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The History of Don Quixote de la Mancha

For the Lady Melisandra was not used to that kind of riding


"I omit the rest, not to tire you with a long story. It is sufficient that he makes himself known to her; and accordingly, see how she lets herself down from the balcony, to come at her loving husband and get behind him; but alas! the skirt of her gown is caught upon one of the spikes of the balcony, and there she hangs and hovers miserably in the air, without being able to get down. But see how Heaven is merciful, and sends relief in the greatest distress! Don Gayferos rides up to her, and, not fearing to tear her rich gown, lays hold on it, and at one pull brings her down; and then at one lift sets her astride upon his horse's crupper, bidding her to sit fast, and clasp her arms about him; for the Lady Melisandra was not used to that kind of riding.

"Observe now how the horse neighs, and shews how proud he is of the burden of his brave master and fair mistress. Look now how they turn their backs and leave the city, and gallop it merrily away towards Paris. Peace be with you, for a peerless couple of true lovers! may ye get safe and sound into your own country, without any let or ill chance in your journey, and live in peace and quietness among your friends and relations!" "Plainness, boy!" cried Master Peter, "none of your flights, I beseech you." The boy answered nothing, but going on: "Now, sirs," quoth he, "some of those idle people that love to pry into every thing happened to spy Melisandra as she was making her escape, and ran presently and gave Marsilius notice of it: whereupon he straight commanded to sound an alarm; and now mind what a din and hurly-burly there is, and how the city shakes with the ring of the bells backwards in all the mosques!" "There you are out, boy," said Don Quixote: "the Moors have no bells, they only use kettle-drums, and a kind of shaulms like our waits or hautboys; so that your ringing of bells in Sansuena is a mere absurdity, good Master Peter." "Nay, sir," said Master Peter, giving over ringing, "if you stand upon these trifles with us, we shall never please you. Don't be so severe a critic: are there not a thousand plays that pass with great success and applause, though they have many greater absurdities, and nonsense in abundance? On, boy, on; no matter, so I get the money." "Well said," answered Don Quixote. "And now, sirs," quoth the boy, "observe what a vast company of glittering horse comes pouring out of the city in pursuit of the Christian lovers; what a dreadful sound of trumpets and clarions, and drums and kettle-drums, there is in the air. I fear they will overtake them, and then will the poor wretches be dragged along most barbarously at the tails of their horses, which would be sad indeed."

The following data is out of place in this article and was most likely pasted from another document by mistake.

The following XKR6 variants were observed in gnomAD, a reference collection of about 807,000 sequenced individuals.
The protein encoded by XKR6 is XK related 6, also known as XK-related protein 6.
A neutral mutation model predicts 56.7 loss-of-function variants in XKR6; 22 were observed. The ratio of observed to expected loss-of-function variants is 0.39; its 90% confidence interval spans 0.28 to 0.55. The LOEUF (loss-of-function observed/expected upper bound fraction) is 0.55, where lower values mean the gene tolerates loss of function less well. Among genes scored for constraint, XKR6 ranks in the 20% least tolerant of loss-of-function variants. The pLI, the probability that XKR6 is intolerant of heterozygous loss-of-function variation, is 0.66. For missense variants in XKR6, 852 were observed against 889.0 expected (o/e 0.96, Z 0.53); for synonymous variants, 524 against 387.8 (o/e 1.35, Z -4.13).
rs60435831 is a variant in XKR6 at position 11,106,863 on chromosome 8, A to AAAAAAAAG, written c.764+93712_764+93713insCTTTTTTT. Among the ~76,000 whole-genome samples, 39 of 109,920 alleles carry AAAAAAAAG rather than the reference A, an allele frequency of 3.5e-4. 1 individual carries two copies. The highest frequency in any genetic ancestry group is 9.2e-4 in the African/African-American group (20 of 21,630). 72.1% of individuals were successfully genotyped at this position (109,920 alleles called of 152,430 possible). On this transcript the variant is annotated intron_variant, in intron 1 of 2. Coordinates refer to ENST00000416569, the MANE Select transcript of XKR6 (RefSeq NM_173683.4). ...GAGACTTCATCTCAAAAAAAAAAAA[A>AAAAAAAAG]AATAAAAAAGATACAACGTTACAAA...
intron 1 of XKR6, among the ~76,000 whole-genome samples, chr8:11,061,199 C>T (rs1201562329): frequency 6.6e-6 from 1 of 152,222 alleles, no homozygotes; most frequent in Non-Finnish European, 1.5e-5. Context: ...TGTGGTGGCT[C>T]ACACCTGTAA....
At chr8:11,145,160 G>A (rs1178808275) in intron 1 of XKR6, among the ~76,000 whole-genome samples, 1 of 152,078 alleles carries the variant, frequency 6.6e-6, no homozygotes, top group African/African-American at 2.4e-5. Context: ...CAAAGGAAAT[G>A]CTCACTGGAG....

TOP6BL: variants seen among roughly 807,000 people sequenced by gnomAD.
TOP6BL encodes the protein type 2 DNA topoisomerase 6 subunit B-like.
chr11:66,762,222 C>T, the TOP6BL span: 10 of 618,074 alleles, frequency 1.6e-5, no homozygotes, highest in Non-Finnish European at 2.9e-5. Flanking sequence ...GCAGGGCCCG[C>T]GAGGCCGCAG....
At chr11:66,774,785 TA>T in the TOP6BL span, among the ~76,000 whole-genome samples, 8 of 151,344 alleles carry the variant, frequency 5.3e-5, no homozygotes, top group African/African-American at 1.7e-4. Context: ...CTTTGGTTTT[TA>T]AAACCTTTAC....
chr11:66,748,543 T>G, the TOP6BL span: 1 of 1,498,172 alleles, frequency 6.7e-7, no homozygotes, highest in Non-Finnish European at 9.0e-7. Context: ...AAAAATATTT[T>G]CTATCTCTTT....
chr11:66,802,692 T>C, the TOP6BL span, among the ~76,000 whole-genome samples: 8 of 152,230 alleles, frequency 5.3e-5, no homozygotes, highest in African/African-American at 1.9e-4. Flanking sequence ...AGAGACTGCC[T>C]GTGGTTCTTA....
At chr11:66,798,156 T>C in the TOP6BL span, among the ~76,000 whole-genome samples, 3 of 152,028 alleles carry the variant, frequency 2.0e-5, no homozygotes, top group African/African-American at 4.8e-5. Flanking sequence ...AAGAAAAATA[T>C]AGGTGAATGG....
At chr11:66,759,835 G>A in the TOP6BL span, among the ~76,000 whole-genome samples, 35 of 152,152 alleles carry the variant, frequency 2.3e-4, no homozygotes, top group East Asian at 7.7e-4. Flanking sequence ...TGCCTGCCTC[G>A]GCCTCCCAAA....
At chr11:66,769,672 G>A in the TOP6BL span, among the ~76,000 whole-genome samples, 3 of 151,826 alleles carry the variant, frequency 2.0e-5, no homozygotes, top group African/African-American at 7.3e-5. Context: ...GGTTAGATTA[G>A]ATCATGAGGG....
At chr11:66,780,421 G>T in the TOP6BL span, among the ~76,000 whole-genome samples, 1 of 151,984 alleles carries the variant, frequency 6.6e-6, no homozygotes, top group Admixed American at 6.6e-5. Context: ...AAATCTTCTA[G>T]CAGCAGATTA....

Don Quixote, seeing such a number of Moors, and hearing such an alarm, thought it high time to assist the flying lovers; and starting up, "It shall never be said while I live," cried he aloud, "that I suffered such a wrong to be done to so famous a knight and so daring a lover as Don Gayferos. Forbear then your unjust pursuit, ye base-born rascals! Stop, or prepare to meet my furious resentment!" Then drawing out his sword to make good his threats, at one spring he gets to the show, and with a violent fury lays at the Moorish puppets, cutting and slashing in a most terrible manner; some he overthrows, and beheads others; maims this, and cleaves that in pieces. Among the rest of his merciless strokes, he thundered one down with such a mighty force, that had not Master Peter luckily squatted down, it had certainly chopped off his head as easily as one might cut an apple. "Hold, hold, sir," cried the puppet-player, after this narrow escape, "hold for pity's sake! What do you mean, sir? These are no real Moors that you cut and hack so, but poor harmless puppets made of pasteboard. Think of what you do; you ruin me for ever. Oh that ever I was born! you have broke me quite." But Don Quixote, without minding his words, doubled and redoubled his blows so thick, and laid about him so outrageously, that in less than two credos he had cut all the strings and wires, mangled the puppets, and spoiled and demolished the whole machine. King Marsilius was in a grievous condition. The Emperor Charlemagne's head and crown were cleft in two. The whole audience was in a sad consternation. The ape scampered off to the top of the house. The scholar was frightened out of his wits; the page was very uneasy; and Sancho himself was in a terrible fright; for, as he said after the hurricane was over, he had never seen his master in such a rage before.


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